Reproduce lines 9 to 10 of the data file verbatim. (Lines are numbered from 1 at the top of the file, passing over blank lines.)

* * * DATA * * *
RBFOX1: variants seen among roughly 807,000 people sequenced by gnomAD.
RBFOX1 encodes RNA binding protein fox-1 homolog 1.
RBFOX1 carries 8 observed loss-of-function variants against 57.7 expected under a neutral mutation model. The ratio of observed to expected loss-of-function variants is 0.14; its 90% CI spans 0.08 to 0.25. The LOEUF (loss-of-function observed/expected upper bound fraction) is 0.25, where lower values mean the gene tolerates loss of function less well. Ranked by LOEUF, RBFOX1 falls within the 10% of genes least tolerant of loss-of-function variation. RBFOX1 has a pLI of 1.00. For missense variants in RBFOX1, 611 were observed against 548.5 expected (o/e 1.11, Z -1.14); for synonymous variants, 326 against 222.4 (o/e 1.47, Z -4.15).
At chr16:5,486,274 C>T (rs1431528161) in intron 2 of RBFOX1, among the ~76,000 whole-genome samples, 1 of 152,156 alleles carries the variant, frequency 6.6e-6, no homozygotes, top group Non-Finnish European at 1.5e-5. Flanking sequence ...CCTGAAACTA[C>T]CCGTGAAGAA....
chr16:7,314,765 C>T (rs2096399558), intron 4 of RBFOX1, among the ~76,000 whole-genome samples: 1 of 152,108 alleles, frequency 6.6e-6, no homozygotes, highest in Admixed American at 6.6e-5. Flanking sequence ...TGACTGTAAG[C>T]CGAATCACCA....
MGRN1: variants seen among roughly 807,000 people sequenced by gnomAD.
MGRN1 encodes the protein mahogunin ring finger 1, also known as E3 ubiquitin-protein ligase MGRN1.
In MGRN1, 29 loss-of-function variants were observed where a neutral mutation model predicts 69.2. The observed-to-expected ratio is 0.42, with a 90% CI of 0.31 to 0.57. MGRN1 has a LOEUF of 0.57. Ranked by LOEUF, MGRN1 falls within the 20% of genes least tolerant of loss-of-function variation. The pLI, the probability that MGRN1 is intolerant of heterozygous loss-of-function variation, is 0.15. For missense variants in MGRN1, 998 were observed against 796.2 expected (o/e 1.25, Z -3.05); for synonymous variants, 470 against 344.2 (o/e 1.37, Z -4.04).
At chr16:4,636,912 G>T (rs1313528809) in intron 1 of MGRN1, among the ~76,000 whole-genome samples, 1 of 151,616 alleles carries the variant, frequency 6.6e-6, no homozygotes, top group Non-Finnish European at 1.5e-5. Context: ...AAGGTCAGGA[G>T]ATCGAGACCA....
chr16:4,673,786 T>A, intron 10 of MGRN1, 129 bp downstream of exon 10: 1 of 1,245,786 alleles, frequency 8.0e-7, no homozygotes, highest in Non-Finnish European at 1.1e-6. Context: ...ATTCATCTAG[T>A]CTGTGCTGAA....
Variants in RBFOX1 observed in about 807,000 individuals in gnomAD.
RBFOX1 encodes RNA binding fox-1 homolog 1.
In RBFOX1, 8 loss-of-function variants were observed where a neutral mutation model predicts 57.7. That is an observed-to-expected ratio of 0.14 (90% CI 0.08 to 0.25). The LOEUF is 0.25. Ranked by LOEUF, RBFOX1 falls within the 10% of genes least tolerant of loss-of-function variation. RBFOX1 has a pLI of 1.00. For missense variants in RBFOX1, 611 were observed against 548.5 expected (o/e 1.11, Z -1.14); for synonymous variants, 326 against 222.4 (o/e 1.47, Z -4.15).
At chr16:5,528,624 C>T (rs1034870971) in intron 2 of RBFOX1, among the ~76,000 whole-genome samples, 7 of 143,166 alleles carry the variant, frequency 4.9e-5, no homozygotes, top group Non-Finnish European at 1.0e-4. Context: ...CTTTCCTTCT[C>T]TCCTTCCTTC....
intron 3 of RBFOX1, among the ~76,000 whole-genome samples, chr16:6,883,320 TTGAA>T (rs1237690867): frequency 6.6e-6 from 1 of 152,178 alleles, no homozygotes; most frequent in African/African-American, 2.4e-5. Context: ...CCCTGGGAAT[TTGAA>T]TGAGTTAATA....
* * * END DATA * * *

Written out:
At chr16:4,636,912 G>T (rs1313528809) in intron 1 of MGRN1, among the ~76,000 whole-genome samples, 1 of 151,616 alleles carries the variant, frequency 6.6e-6, no homozygotes, top group Non-Finnish European at 1.5e-5. Context: ...AAGGTCAGGA[G>T]ATCGAGACCA....
chr16:4,673,786 T>A, intron 10 of MGRN1, 129 bp downstream of exon 10: 1 of 1,245,786 alleles, frequency 8.0e-7, no homozygotes, highest in Non-Finnish European at 1.1e-6. Context: ...ATTCATCTAG[T>A]CTGTGCTGAA....